Pieces around 12" can be an issue.
Start with the fence and see if aligns parallel to the miter slot when locked down. Can you wiggle it at all with firm pressure? You have to fix this first.
Use a clean and sharp blade. Dirty blades with gum in the gullets or on the plates don't cut accurately.
Put the splitter back on the saw, IF it's not on already. The splitter does not allow the work to twist off the fence at the rear after you've made a kerf. A feather board won't help much, if at all, with a short piece and may get in the way.
You need a push block, not a push stick, that will allow you to press down and in toward the blade simultaneously. There are a few commercial versions, but you can make one easily.
The edge you register against the fence must be straight .... no curves or bumps. Raise the blade to about 1/4" to 1/2" above the thickness. The higher the blade the better it will rip, since the tips and cutting in a more downward direction as opposed to into the work, then downward. Some don't like a fully exposed blade, but other will say if you get cut by either the difference will be minimal.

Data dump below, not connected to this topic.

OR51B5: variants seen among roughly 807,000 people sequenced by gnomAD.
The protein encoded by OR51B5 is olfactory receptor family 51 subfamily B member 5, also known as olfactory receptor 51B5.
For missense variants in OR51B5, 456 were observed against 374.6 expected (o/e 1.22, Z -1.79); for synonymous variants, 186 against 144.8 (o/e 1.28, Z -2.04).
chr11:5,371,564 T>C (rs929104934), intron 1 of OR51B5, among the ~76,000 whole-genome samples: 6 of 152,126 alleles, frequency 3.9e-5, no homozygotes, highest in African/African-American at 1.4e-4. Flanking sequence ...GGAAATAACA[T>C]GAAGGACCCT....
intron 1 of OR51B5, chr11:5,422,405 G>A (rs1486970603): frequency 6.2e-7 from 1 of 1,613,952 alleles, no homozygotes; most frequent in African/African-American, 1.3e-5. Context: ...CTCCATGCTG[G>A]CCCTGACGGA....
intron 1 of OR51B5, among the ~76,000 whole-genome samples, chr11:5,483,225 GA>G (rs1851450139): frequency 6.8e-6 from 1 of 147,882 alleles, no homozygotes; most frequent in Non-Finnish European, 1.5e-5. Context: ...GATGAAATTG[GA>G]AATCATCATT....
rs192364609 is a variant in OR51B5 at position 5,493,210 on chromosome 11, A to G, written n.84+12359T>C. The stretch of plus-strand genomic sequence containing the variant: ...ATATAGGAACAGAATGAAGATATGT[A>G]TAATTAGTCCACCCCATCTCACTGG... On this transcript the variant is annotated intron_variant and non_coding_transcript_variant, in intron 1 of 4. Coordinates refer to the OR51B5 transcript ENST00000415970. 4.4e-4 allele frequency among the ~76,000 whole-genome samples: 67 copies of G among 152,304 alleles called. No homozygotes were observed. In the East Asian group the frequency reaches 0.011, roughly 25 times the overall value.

You must push the work all the way through the back of the blade and DO NOT grab it, let it either slide on to your outfeed table (a safety must) or fall on the shop floor. You can use more workpieces to push each other through, but you must them add downward pressure with a push block. There are roller attachments for your fence that press down in front and at the rear of the blade, BUT I find them cumbersome and always in the way. See them attached to the Biesemeyer fence. Also notice a full height splitter behind the blade: